Spring cleaning: it’s not just for houses.
I don’t know about you, but when spring rolls around I often feel all kinds of clogged up and sticky from my winter hibernation. This feeling usually means there’s a bunch of junk stored up in my body that needs to get the heck out!
If you feel sluggish or tired all the time, spring may be a good time to consider some internal cleansing — and what better time than when the weather is starting to warm up and your natural tendency is to get more active!
While you may be aware that you can detox through what you eat and drink, did you know you can also help your body to naturally detoxify through breath and movement?
Let’s take a look at three potent practices that will help you support your body’s natural detoxification processes.
1. Kapalabhati (Skull Shining Breath)
Unlike some of the gentle breathing practices we’ve covered in this 3 Practices series, Kapalabhati is pretty intense. It really gets the oxygen flowing through your veins, stimulates the digestive organs, and can even help clear up sinus congestion. (Keep some tissues handy when you’re doing this one.)
How to do it:
Kapalabhati is rapid abdominal breathing. The exhalation is forceful, and the inhale that follows is automatic.
It may be helpful to place your right hand on your lower abdomen, so you can feel the muscles contract in toward the spine.
Step 1: Sit up comfortably, with a long neutral spine. To exhale, snap in (aka quickly contract) the abdomen. This will push air out through the nostrils.
Step 2: Relax the abdomen, and allow the inhalation to occur naturally. (You won’t have to actively draw breath back in to the lungs.)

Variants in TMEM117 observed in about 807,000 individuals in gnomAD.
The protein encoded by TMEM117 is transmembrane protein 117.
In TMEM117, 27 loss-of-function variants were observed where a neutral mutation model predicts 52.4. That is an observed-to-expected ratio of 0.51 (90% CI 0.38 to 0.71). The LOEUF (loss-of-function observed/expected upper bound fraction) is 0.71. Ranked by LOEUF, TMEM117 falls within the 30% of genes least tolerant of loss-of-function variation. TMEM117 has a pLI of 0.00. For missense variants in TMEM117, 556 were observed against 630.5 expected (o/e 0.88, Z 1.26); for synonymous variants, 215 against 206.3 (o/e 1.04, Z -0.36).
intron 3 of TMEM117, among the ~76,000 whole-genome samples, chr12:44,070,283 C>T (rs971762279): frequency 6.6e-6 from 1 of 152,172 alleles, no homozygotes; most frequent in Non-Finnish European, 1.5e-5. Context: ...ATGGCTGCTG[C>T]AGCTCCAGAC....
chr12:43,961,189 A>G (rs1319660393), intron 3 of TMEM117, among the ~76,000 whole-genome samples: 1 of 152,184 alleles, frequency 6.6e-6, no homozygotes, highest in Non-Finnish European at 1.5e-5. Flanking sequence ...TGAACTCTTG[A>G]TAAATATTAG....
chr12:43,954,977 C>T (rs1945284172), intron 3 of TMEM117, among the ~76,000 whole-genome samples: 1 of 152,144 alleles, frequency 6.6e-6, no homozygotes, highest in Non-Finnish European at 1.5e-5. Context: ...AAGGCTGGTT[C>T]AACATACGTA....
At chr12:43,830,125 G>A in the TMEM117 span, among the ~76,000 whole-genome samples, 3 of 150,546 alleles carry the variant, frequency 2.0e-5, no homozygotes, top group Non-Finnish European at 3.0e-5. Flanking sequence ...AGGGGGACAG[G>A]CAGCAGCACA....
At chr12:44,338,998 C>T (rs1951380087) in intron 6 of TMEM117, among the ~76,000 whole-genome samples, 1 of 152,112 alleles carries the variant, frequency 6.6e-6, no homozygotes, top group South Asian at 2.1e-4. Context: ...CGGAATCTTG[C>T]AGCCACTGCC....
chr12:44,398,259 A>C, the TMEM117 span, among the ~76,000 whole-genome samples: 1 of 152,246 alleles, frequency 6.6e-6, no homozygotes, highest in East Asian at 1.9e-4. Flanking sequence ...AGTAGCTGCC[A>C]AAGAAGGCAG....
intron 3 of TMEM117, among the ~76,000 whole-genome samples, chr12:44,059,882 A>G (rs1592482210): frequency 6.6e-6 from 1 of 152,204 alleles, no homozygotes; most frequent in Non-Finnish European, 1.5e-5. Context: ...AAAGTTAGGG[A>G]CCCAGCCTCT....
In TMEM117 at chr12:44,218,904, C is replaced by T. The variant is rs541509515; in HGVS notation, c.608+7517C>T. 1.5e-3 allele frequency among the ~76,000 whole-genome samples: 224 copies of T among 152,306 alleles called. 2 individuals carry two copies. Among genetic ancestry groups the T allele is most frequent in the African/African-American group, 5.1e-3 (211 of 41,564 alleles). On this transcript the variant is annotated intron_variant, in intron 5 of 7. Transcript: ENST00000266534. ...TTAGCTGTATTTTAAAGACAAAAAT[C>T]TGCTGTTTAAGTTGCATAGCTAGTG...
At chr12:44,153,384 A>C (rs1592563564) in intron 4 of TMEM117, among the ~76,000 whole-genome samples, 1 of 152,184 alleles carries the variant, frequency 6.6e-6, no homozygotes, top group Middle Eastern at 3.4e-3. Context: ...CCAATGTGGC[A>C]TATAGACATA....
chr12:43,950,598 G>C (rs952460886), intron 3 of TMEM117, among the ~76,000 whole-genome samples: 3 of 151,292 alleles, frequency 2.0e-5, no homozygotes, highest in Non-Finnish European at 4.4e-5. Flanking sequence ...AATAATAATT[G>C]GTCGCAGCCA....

Step 3: Continue this pattern of forceful contraction of the abdomen and relaxation for a total of 10 breaths. Aim for one exhalation per second if you’re new to this pranayama practice.
Step 4: Exhale completely, pulling the abdomen in. Then inhale a full, 3-part breath.
Step 5: Return the breath to a normal pattern, and observe how you feel. Can you sense the extra oxygen starting to circulate through your system? You may feel slightly tingly or more alert.
Step 6 [optional]: You may want to repeat this cycle two more times, for a total of 3 cycles of 10 breaths each. Start with short sessions, and work your way up as you get more comfortable with the practice.
By pulling lots of oxygen-rich air into your lungs, you end up circulating extra oxygen into the blood stream. And all that oxygen helps your body not only efficiently absorb vitamins, but also boosts white blood cell production.
You can find more info here.
Health note: if you ever feel dizzy or lightheaded, stop immediately and return your breath to normal. And you may want to be especially careful to give yourself enough time after you eat to do this one — intense contractions of the lower abdominal muscles plus a full stomach may equal disaster. Just sayin’…
2. Karana Mudra (Instrument Gesture)
In Sanskrit, karana means “instrument” — not like a guitar or saxophone, but rather a tool that we use to help us complete a particular action. In this case, the mudra itself is an instrument that we can use to help purify the physical body.
In plain English, it helps us to detoxify by strengthening both the urinary and kidney energy lines in the body.
This particular mudra reminds me of the “rock on” gesture, and a little bit of that heavy metal intensity could be called for, depending on how much crap you feel like you need to clear out.
How to do it:
You can practice this mudra any way that’s comfortable — sitting, standing, laying down. This mudra is practiced with only the right hand, so keep your left hand gently unengaged somewhere that’s comfortable.
Bend the middle and ring fingers of your right hand down toward your palm, and press down on both fingernails with the pad of your right thumb. Allow the index and pinky fingers to remain extended, and slightly relaxed. Hold this gesture for as long as feels comfortable.